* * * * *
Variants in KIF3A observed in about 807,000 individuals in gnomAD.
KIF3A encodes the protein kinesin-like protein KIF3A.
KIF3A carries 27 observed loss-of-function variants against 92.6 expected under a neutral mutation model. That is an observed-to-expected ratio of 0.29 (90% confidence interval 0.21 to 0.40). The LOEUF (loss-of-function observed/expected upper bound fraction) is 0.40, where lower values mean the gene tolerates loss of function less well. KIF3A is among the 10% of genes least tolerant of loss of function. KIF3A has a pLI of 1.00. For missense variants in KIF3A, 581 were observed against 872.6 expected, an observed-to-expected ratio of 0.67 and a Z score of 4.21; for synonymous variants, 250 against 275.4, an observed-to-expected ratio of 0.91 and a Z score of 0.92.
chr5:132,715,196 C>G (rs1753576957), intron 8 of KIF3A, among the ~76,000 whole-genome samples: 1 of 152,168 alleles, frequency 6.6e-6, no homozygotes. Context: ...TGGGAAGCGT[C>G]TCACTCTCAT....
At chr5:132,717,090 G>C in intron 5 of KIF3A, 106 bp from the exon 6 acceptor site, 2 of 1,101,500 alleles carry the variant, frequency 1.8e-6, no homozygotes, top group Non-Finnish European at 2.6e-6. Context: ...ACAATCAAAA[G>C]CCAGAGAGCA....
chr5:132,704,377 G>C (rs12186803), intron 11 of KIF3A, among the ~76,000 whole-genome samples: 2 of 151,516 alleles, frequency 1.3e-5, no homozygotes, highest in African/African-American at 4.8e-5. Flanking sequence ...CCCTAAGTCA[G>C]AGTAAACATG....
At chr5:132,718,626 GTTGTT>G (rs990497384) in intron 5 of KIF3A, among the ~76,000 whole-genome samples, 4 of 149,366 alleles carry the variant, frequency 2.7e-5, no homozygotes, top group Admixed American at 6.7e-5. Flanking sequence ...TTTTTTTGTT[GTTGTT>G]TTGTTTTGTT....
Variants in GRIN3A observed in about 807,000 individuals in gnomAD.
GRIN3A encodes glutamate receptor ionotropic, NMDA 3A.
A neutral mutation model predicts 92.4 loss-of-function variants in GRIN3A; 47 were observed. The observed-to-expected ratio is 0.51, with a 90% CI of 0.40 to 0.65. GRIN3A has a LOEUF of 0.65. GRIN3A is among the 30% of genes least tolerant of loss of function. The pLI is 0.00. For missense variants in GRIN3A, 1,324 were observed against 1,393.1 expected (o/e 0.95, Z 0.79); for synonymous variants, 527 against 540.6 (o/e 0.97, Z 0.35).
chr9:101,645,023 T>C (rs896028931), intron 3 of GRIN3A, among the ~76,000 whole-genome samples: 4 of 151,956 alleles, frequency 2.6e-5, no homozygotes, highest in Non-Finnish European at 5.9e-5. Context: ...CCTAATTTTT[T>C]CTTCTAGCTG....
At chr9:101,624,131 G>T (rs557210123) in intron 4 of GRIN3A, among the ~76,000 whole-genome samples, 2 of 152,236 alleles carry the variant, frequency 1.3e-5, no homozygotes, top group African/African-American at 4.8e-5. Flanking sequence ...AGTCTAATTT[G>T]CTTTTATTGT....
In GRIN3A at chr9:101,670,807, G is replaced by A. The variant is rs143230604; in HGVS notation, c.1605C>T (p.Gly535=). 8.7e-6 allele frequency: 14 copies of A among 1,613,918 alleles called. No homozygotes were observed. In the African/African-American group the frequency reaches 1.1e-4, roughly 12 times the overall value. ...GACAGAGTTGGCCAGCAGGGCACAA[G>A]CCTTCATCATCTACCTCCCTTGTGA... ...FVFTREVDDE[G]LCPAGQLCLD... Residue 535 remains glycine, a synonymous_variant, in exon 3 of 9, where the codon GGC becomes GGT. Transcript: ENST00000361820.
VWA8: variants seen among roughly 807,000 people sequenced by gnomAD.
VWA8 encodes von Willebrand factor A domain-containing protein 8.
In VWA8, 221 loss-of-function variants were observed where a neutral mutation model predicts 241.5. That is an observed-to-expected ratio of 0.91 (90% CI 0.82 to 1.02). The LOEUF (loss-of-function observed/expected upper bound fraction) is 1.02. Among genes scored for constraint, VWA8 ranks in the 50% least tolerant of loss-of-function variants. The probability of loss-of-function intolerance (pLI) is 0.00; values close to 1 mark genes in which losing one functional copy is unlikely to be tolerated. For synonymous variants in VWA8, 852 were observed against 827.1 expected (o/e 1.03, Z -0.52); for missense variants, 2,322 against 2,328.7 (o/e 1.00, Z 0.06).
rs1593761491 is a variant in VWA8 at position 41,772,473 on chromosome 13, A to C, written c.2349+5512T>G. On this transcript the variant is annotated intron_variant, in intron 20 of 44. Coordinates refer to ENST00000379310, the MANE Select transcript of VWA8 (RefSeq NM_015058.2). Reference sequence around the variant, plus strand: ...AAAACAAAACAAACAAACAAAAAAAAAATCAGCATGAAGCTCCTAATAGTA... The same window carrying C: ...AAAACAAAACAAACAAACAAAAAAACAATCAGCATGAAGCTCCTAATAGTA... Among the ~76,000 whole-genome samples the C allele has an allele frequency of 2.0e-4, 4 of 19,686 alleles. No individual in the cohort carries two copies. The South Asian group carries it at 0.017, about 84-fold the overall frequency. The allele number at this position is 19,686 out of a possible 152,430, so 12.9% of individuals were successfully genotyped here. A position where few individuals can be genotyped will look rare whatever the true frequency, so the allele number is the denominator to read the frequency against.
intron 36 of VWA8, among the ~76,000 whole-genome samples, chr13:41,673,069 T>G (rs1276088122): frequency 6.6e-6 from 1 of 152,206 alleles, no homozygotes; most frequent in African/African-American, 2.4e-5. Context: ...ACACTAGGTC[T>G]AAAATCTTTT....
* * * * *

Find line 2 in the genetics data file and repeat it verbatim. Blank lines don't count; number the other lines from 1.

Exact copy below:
KIF3A encodes the protein kinesin-like protein KIF3A.